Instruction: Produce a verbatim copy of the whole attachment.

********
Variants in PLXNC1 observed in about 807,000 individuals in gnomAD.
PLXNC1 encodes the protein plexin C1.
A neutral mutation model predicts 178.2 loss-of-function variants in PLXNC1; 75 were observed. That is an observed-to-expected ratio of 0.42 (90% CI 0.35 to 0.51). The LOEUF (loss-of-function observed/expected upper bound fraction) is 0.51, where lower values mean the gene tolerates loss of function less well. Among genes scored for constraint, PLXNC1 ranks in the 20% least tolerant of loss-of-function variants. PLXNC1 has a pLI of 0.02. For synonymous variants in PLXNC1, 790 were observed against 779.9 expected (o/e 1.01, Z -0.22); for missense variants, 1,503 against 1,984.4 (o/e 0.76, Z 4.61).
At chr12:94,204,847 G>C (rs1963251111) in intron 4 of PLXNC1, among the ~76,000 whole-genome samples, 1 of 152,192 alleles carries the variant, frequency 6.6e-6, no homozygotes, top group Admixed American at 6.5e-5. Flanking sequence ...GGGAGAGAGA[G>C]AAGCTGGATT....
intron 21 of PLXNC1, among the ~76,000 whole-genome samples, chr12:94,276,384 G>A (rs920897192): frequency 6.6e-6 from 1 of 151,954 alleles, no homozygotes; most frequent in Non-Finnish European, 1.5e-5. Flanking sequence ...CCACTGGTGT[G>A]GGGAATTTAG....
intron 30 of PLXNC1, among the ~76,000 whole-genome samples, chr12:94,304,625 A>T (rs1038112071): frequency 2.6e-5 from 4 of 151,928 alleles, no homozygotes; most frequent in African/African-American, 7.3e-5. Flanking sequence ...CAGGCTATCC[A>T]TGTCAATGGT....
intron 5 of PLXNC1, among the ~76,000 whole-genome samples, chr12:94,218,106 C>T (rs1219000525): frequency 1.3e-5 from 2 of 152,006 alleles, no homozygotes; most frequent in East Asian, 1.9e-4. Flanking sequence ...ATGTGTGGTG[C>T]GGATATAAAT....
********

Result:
Variants in PLXNC1 observed in about 807,000 individuals in gnomAD.
PLXNC1 encodes the protein plexin C1.
A neutral mutation model predicts 178.2 loss-of-function variants in PLXNC1; 75 were observed. That is an observed-to-expected ratio of 0.42 (90% CI 0.35 to 0.51). The LOEUF (loss-of-function observed/expected upper bound fraction) is 0.51, where lower values mean the gene tolerates loss of function less well. Among genes scored for constraint, PLXNC1 ranks in the 20% least tolerant of loss-of-function variants. PLXNC1 has a pLI of 0.02. For synonymous variants in PLXNC1, 790 were observed against 779.9 expected (o/e 1.01, Z -0.22); for missense variants, 1,503 against 1,984.4 (o/e 0.76, Z 4.61).
At chr12:94,204,847 G>C (rs1963251111) in intron 4 of PLXNC1, among the ~76,000 whole-genome samples, 1 of 152,192 alleles carries the variant, frequency 6.6e-6, no homozygotes, top group Admixed American at 6.5e-5. Flanking sequence ...GGGAGAGAGA[G>C]AAGCTGGATT....
intron 21 of PLXNC1, among the ~76,000 whole-genome samples, chr12:94,276,384 G>A (rs920897192): frequency 6.6e-6 from 1 of 151,954 alleles, no homozygotes; most frequent in Non-Finnish European, 1.5e-5. Flanking sequence ...CCACTGGTGT[G>A]GGGAATTTAG....
intron 30 of PLXNC1, among the ~76,000 whole-genome samples, chr12:94,304,625 A>T (rs1038112071): frequency 2.6e-5 from 4 of 151,928 alleles, no homozygotes; most frequent in African/African-American, 7.3e-5. Flanking sequence ...CAGGCTATCC[A>T]TGTCAATGGT....
intron 5 of PLXNC1, among the ~76,000 whole-genome samples, chr12:94,218,106 C>T (rs1219000525): frequency 1.3e-5 from 2 of 152,006 alleles, no homozygotes; most frequent in East Asian, 1.9e-4. Flanking sequence ...ATGTGTGGTG[C>T]GGATATAAAT....